Judi Rohrig/JDM; HBO
From our friend Judi Rohrig:
THE RUMOR OF THE LAST MCGEE NOVEL
From time to time readers will inquire as to the truth of the rumor that JDM
wrote a black McGee, to be published after the writer's death.
It makes for fascinating stories and theories and they do abound.
However, there is no truth involved. Both his widow, Dorothy, and his son,
Maynard, stated categorically that "There is no book or manuscript by John
which ends in Travis McGee's death.
We think John would have missed him as you would."
JDM himself said this many times. On one such occasion he replied:
"It would be really wicked so to do because of the people who haven't yet met
"That would be a poor legacy to leave them."
Here's where the site is: http://www.jdmhomepage.org/
Ed here: I checked out the sight. Really fine.
For me last night's Entourage was the best episode of the season. Not a great show but a solid one. The big problem, as I've mentioned before, is that there are only two characters who seem capable of any real kind of growth or at least serious change. E & Ari. E has brains and a conscience. Despite the treacly attempt to make Ari more likable (which for me was a hammy failure), Ari is interesting enough and substantive enough to become the focus for the whole show. Last night Walsh the director slid a handgun under his chin and threatened to kill himself. I was seriously hoping he'd do it. I don't usually get all that involved with fictional characters but spending an hour or to bitch slapping Walsh with a lead baseball bat might be a way to get some good exercise. Johnny and Turtle remain one note and Vince isn't even one note, a total cipher. The end, I think, is near.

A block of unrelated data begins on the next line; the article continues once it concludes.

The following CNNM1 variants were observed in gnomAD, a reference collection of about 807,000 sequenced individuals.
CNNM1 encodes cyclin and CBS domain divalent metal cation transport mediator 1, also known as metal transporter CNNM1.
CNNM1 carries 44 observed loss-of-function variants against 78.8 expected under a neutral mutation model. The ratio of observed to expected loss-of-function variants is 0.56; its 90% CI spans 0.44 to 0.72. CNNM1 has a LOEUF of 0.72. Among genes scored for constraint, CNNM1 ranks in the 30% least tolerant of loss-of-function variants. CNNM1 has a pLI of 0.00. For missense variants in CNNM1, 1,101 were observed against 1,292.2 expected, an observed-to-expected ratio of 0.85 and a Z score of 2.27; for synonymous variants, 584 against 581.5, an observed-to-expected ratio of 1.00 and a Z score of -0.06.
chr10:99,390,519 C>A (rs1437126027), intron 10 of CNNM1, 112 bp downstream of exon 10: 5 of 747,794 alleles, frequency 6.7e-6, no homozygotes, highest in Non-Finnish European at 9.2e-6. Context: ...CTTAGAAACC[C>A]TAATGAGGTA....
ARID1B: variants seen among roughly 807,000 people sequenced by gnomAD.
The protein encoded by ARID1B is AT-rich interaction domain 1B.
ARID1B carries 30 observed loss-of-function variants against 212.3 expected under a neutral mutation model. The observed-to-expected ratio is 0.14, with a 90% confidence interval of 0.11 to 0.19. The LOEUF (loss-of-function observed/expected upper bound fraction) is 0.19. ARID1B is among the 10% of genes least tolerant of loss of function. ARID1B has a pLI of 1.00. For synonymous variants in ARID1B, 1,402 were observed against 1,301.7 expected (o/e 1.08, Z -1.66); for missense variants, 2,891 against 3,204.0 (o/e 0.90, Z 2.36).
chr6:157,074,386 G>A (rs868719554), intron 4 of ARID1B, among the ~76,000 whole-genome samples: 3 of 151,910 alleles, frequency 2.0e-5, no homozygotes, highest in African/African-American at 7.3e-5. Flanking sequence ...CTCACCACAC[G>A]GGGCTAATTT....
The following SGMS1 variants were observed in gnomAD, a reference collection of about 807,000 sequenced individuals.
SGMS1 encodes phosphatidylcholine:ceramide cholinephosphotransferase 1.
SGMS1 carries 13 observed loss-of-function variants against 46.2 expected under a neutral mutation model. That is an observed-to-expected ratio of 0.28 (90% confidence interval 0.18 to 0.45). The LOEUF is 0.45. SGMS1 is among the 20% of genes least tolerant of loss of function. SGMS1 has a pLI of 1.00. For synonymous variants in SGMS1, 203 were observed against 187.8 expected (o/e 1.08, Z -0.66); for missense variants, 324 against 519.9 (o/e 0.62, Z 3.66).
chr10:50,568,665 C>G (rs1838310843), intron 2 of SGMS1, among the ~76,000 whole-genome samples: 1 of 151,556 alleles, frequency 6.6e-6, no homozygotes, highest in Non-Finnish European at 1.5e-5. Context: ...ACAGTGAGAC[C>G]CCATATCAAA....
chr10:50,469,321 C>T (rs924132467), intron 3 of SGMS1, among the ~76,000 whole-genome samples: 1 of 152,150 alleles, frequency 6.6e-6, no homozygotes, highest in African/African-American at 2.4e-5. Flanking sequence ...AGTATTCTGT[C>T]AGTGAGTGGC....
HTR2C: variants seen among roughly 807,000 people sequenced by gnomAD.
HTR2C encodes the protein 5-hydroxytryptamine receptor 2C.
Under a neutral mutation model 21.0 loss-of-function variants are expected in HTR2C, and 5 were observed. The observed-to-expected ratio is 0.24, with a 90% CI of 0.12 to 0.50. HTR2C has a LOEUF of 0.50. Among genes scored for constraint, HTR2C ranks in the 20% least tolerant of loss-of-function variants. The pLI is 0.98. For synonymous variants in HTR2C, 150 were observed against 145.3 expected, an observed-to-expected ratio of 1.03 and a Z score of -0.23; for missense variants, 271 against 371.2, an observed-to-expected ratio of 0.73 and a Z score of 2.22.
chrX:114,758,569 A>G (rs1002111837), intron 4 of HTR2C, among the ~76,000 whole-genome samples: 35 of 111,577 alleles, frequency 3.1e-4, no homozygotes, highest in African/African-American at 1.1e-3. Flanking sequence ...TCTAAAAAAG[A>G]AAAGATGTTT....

Flight of The Conchord was better for me the second time through than the first. The faux music videos were the wittiest elements of the episode. The agent strikes me as much funnier than the two musicians who again (not unlike Vince in Entourage) really don't have much personality. I know that most great comic characters are static and immutable in some respects and therefore asking for comic creations to change is probably wrongheaded on my part. But the operative word here is "great." Seinfeld went seven good and many times great seasons; The Honeymooners did thirty-nine near perfect half hours; and Mary Tyler Moore did five often brilliant seasons. Even The Honeymooners, mostly restricted to that sad little apartment, had enough comic and emotional latitude to hold our interest. The problem with Conchord dramatically is that I don't know where you can take it. It seems to be one of those hot house creations that will die of oxgyn starvation.